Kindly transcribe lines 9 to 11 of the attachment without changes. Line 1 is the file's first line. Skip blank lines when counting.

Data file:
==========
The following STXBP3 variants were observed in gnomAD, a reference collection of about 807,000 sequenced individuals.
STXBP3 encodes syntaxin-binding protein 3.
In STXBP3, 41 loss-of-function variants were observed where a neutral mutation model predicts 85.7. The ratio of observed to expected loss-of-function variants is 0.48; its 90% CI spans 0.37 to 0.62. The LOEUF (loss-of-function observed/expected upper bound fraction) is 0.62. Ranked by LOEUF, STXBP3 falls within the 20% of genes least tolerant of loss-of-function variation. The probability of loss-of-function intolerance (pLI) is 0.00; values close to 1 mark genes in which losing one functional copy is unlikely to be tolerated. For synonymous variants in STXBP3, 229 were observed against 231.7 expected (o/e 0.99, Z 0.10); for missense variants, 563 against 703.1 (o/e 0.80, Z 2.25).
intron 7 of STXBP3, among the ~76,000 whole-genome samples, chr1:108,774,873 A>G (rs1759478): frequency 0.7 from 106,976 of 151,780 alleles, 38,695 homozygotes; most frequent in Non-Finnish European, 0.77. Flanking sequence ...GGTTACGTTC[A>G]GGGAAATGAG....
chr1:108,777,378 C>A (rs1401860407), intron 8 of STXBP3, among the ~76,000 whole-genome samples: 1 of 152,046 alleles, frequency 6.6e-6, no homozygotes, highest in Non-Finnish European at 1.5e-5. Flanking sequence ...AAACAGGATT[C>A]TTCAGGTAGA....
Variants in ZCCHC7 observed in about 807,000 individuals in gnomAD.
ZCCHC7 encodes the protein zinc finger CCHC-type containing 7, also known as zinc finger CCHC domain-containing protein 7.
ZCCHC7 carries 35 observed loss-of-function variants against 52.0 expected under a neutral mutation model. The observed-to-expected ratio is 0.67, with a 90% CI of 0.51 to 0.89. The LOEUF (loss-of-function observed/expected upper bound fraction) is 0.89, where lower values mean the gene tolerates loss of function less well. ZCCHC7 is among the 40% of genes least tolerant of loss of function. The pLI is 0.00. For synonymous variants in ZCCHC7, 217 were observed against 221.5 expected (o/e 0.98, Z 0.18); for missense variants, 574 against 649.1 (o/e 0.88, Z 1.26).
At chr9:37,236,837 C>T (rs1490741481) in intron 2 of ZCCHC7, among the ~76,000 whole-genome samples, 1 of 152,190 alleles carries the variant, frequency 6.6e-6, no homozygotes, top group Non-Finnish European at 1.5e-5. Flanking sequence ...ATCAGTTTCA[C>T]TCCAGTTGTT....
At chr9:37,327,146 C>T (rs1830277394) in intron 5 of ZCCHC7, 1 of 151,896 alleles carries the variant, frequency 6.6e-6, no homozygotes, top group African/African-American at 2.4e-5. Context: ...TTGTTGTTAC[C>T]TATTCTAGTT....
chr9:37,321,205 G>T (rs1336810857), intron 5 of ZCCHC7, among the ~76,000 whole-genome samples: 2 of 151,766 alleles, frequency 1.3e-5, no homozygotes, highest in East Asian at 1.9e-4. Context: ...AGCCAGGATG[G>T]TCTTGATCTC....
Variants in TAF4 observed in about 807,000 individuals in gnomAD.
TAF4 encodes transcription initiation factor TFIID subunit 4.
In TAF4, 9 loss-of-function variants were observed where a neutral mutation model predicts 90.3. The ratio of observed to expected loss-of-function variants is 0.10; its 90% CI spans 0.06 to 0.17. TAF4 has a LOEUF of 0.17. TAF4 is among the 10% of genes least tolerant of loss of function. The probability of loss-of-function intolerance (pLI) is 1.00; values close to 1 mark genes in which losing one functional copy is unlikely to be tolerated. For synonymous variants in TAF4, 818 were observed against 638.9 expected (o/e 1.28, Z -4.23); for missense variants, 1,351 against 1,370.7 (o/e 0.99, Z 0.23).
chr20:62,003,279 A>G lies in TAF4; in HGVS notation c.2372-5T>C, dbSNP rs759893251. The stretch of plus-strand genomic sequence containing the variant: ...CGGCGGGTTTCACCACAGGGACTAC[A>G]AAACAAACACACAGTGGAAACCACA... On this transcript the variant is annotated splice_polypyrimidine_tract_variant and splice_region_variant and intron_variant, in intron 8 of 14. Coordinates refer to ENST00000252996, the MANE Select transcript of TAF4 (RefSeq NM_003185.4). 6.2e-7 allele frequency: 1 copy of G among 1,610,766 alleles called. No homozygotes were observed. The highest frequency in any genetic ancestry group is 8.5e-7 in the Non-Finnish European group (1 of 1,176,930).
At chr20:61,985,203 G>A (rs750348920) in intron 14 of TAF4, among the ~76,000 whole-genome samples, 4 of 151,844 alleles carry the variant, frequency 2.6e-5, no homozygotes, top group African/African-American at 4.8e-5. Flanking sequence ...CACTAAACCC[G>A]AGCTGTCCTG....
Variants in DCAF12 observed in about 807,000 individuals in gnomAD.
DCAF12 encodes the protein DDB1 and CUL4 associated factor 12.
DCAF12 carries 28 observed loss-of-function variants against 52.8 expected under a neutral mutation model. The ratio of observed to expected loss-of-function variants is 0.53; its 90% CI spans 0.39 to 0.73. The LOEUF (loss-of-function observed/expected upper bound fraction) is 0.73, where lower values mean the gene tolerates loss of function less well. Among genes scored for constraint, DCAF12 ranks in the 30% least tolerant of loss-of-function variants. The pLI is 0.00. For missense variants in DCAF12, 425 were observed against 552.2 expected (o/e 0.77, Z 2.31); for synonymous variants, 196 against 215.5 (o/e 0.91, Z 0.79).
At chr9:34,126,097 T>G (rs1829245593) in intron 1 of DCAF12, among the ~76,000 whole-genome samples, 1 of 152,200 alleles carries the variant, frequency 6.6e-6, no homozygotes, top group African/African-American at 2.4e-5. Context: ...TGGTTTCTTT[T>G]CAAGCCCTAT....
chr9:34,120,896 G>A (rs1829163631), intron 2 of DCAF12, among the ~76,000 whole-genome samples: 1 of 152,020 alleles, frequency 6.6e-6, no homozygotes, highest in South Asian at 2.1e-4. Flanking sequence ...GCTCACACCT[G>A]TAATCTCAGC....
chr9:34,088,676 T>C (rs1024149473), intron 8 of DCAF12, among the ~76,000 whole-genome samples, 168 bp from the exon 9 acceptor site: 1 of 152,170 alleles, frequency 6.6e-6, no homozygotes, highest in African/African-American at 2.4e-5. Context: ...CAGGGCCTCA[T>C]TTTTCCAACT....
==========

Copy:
At chr9:37,236,837 C>T (rs1490741481) in intron 2 of ZCCHC7, among the ~76,000 whole-genome samples, 1 of 152,190 alleles carries the variant, frequency 6.6e-6, no homozygotes, top group Non-Finnish European at 1.5e-5. Flanking sequence ...ATCAGTTTCA[C>T]TCCAGTTGTT....
At chr9:37,327,146 C>T (rs1830277394) in intron 5 of ZCCHC7, 1 of 151,896 alleles carries the variant, frequency 6.6e-6, no homozygotes, top group African/African-American at 2.4e-5. Context: ...TTGTTGTTAC[C>T]TATTCTAGTT....
chr9:37,321,205 G>T (rs1336810857), intron 5 of ZCCHC7, among the ~76,000 whole-genome samples: 2 of 151,766 alleles, frequency 1.3e-5, no homozygotes, highest in East Asian at 1.9e-4. Context: ...AGCCAGGATG[G>T]TCTTGATCTC....